The “experience economy” is on the rise and yet more and more people are concerned with the environment and overtourism. What is the responsible solution? Luxury Travel Advisor London correspondent Emily Goldfischer met with Libby White, director of experiences at TravelJar, a bespoke luxury expedition company, offering access to exotic locations and cultures while taking the utmost care to maintain and preserve the natural environment by including a charity component on every journey.
Here’s a piece of our conversation with White:
Why did you start TravelJar?
It came about as part of my own experience with a trip to Zambia in 2015, and I learned the treatment of the animals was not ethical, even though I thought I had done thorough research about my safari! After further investigation, I realized that the industry needed to do more—there was a gap in the market in terms of what can and should be done to support the local communities and the environment to make this kind of luxury travel viable and sustainable. I started TravelJar in 2017 with Jacques Rudolph, a former professional cricket player from South Africa who shared my passion, and my now-husband Andrew White, (who I actually met on my first Zambia trip), with a dream to do better.
What makes TravelJar different?
Our core mission is to allow travelers access to unique experiences and destinations, but always with the conservation and community engagement woven organically into the journey. Each bespoke itinerary includes a charity component, ranging from sending guests along on rescue missions with David Shepherd Wildlife Foundation, a wildlife crime and poaching prevention organization, and Rhino 911, a charity that provides emergency helicopter rescue to injured rhinos, to educational experiences with local schools in Africa, teaching them about preservation as well as social causes, such as Mabel, a sustainable feminine hygiene initiative. We only work with lodges, camps and companies that are committed to conservation, supporting local communities and reducing waste, so, as we grow into new destinations such as India, the Maldives and Seychelles, it will be through those types of organizations.
What are your most popular itineraries?
African safaris, particularly Zambia for a behind-the-scenes visit to the Elephant Orphanage Nursery Facility run by Game Rangers International. We also offer photographic journeys in Africa with award-winning wildlife photographer Nelis Wolmarans, a local expert who’s led over 100 gorilla expeditions. We also do many trips around South Africa and Cape Town, with the ability to visit ethical and organic wineries and farms, sampling farm-to-table dining along the way.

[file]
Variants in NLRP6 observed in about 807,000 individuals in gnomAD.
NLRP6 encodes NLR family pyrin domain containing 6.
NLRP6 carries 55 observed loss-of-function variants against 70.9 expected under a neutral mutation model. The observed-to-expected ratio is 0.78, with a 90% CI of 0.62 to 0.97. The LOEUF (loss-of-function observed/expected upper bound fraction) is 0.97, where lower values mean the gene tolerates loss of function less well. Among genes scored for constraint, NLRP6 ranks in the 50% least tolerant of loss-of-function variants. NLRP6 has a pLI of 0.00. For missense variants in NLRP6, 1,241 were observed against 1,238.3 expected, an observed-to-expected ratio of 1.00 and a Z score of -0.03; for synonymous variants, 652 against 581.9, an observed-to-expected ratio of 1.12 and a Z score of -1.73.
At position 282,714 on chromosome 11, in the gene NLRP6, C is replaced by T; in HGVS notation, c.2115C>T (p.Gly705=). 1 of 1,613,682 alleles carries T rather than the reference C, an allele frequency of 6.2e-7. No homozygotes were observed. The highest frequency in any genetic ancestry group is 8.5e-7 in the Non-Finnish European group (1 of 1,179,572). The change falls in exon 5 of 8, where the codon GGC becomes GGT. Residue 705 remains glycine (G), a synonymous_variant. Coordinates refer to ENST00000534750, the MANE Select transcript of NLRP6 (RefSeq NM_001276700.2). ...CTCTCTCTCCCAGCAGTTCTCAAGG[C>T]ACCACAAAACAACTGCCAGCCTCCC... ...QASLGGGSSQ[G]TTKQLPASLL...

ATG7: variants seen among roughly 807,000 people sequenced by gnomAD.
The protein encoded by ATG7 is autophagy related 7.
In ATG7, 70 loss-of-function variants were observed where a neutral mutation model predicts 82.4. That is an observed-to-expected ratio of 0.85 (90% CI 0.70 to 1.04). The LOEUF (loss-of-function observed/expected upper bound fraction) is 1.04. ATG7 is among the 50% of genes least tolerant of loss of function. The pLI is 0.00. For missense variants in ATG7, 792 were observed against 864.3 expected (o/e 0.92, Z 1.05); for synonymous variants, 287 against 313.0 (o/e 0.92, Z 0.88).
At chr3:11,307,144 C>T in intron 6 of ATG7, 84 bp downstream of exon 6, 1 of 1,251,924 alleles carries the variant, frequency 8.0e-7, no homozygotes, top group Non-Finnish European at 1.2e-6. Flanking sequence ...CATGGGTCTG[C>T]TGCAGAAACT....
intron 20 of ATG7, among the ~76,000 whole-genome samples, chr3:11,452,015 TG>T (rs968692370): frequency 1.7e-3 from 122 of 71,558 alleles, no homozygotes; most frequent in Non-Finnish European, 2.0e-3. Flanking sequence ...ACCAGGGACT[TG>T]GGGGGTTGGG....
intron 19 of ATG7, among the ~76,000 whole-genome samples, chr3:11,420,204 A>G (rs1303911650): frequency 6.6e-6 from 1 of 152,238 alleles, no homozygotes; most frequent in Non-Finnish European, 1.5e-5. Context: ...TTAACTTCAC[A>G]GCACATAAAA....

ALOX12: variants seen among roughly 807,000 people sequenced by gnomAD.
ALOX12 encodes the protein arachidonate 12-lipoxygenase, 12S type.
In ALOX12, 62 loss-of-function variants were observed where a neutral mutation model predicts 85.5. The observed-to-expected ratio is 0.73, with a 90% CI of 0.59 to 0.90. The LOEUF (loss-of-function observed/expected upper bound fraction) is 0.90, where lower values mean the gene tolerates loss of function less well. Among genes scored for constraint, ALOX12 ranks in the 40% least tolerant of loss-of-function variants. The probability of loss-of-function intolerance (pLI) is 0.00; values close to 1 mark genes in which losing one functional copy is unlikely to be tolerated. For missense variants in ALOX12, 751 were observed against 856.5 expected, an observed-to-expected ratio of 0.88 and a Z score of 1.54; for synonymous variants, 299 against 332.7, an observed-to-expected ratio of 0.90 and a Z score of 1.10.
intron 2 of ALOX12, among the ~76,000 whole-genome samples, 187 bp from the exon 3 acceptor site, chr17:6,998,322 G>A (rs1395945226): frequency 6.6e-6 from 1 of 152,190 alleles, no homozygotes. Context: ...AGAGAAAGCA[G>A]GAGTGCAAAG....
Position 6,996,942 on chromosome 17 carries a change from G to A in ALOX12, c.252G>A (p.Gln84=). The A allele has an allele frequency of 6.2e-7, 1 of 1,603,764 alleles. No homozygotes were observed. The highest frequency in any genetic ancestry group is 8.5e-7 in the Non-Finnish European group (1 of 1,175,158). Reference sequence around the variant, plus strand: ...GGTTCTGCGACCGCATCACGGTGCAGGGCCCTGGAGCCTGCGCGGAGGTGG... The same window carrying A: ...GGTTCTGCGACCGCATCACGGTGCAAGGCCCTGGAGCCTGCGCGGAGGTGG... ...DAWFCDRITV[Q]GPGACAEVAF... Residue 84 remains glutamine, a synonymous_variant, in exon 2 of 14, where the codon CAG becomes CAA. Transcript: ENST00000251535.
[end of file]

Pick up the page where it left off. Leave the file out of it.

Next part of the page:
How do you work with travel advisors?
Just as travel advisors would work with other travel suppliers, we offer a commission for booking clients that want our custom itineraries and are committed to an ethical trip. Working through us, travel advisors can benefit from our deep knowledge, network of guides and lodging partners that are both luxurious and ethical, to provide their clients with the best possible trip.
Who is your typical client?
Someone looking for something different and meaningful, with the opportunity for a “hands-on” experience in conservation, education or both! Our clients range from 21 to 66 in age, but are usually in the 35 to 55 age range, either couples or families. We suggest children be eight or older for safaris, but that is not a rule. Before signing on clients, we do an in-person or Skype interview to see if what we offer is the right fit.
What trends are you seeing in sustainable travel?
The demographics have shifted. We are seeing more older clients with a strong interest in the environment and commitment to conservation, not only “woke” Millennials. We are also beginning to see some regulation, so consumers can buy with confidence, such as the emergence of Positive Luxury, a ratings system for luxury brands across key areas: Governance, social and environmental frameworks, community investment and innovation.
What trends are you seeing on safaris?
The Congo is emerging as the new hot place to see gorillas. There are now more than 700 rangers in the Congo and it is very safe with some amazing guides and new lodges.
What are your top tips for going on safari?
First off, pack light. Some of the safari planes are soft luggage only, so don’t plan to bring a big hard-backed suitcase. Most lodges do laundry for you, so you can pack less. However, Africa is actually colder than you think! Bring layers and dress warm for early departures. In some places, plastic bags are illegal (Kenya) don’t bring them. Once you arrive on safari, don’t get stuck on seeing one particular animal, it’s best to aim to see the Big Five to avoid disappointment; however, if you are interested in a particular animal, make sure that you have booked the right area. For example, Chobe is known for elephants; don’t book there if your main hope is to see a lion. Be safe, lodges take security very seriously and sometimes you can’t walk freely due to the wild animals—listen to the guides. Also, before you go, especially now, check with the State Department for travel advisories, though, of course, we stay on top of that and any visa and currency needs for our clients.
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